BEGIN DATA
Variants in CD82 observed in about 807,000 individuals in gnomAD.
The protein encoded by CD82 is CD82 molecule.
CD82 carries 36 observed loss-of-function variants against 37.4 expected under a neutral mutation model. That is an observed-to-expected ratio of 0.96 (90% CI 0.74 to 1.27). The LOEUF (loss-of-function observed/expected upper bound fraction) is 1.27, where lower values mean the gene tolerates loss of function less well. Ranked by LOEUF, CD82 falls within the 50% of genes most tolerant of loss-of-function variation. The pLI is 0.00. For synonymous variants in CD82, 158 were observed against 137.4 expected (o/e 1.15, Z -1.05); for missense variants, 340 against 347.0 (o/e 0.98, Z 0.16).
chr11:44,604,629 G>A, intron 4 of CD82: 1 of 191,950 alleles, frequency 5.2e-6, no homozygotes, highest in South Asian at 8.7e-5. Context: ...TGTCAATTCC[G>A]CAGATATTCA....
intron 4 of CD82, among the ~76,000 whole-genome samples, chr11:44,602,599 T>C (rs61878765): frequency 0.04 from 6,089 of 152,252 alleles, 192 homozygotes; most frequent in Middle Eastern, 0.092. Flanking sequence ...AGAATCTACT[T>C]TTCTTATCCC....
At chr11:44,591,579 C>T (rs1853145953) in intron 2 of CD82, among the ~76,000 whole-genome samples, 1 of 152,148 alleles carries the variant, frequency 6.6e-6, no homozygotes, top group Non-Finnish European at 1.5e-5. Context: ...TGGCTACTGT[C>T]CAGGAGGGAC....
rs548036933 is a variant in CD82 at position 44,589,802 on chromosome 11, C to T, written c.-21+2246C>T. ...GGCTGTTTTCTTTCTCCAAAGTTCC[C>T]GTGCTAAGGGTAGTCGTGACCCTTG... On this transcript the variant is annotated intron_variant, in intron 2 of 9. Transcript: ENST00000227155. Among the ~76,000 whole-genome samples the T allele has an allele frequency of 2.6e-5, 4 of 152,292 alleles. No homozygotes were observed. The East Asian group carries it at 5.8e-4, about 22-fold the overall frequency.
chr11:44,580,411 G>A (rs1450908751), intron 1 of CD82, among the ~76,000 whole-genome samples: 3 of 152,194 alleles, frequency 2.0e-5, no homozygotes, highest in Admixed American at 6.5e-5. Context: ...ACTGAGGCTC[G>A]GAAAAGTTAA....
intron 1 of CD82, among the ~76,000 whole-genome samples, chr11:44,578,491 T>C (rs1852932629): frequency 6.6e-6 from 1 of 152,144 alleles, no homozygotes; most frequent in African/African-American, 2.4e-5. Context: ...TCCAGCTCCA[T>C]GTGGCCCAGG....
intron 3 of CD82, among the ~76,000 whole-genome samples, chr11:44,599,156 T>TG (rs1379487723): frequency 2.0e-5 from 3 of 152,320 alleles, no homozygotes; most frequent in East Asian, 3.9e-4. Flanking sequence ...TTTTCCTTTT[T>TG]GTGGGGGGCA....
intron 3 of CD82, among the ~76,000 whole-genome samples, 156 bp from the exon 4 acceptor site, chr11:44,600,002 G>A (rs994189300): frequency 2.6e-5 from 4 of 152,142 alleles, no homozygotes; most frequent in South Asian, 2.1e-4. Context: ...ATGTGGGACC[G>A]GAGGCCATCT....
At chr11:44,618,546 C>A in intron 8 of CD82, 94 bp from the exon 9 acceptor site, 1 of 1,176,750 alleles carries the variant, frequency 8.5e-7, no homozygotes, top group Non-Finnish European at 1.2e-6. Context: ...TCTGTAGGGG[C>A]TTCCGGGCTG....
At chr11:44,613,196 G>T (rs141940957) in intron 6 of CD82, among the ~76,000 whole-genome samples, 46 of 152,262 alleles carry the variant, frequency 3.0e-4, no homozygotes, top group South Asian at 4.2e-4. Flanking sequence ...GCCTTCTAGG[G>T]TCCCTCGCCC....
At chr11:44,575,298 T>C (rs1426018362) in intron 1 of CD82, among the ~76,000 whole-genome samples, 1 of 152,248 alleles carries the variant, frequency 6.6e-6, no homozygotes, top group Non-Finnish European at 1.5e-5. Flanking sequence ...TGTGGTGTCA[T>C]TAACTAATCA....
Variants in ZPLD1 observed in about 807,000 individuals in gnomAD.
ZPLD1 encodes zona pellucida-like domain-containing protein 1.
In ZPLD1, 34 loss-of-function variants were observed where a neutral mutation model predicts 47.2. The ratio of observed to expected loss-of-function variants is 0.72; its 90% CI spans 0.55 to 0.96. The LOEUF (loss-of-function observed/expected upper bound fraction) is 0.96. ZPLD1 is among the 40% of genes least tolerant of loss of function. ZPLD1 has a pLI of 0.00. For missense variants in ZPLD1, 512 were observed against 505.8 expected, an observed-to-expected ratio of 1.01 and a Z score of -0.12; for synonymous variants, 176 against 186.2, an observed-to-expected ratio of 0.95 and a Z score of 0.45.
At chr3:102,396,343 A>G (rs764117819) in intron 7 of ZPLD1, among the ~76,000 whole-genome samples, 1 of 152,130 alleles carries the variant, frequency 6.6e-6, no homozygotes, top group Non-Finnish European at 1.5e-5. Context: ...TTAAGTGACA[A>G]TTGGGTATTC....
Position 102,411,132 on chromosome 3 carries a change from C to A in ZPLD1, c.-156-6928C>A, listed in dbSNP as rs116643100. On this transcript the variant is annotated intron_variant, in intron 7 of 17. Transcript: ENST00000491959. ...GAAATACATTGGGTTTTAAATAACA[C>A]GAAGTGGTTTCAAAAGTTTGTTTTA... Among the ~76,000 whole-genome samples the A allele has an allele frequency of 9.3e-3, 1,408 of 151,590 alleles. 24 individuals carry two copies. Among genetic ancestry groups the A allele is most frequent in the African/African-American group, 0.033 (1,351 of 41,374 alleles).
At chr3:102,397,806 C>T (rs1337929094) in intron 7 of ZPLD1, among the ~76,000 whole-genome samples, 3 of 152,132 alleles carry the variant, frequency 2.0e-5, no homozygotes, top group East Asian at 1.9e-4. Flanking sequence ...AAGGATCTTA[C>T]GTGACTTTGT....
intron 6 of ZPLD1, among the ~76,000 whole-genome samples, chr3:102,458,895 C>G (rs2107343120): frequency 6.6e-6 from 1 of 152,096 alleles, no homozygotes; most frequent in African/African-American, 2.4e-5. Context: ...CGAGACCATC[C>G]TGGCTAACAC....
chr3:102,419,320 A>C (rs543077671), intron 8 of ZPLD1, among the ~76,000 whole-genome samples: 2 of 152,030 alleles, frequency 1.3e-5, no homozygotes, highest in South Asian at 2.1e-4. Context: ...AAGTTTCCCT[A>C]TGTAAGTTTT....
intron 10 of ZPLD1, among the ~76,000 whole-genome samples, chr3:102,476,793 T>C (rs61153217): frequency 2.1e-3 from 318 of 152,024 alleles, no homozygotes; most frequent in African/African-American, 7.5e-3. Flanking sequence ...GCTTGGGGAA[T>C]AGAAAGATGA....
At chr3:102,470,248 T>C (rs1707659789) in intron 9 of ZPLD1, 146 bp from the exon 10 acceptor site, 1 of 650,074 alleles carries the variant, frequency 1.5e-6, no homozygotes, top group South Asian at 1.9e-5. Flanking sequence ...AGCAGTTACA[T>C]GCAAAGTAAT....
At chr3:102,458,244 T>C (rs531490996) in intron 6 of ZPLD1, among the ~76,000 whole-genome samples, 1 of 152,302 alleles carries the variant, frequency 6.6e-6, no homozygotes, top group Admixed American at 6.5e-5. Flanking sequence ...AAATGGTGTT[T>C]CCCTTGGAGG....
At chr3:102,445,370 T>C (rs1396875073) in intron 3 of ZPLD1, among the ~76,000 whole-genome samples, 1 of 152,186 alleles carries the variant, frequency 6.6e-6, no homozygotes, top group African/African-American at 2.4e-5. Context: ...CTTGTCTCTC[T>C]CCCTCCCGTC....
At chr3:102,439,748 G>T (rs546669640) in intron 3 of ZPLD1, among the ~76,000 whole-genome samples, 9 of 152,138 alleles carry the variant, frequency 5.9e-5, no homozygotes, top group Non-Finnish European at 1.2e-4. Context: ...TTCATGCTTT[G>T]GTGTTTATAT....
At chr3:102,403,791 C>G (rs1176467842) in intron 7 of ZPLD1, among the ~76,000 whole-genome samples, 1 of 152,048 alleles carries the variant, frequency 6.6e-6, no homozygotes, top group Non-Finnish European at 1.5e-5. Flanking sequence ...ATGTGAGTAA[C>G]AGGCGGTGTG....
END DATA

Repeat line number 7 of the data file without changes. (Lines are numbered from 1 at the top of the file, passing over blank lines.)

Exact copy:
rs548036933 is a variant in CD82 at position 44,589,802 on chromosome 11, C to T, written c.-21+2246C>T. ...GGCTGTTTTCTTTCTCCAAAGTTCC[C>T]GTGCTAAGGGTAGTCGTGACCCTTG... On this transcript the variant is annotated intron_variant, in intron 2 of 9. Transcript: ENST00000227155. Among the ~76,000 whole-genome samples the T allele has an allele frequency of 2.6e-5, 4 of 152,292 alleles. No homozygotes were observed. The East Asian group carries it at 5.8e-4, about 22-fold the overall frequency.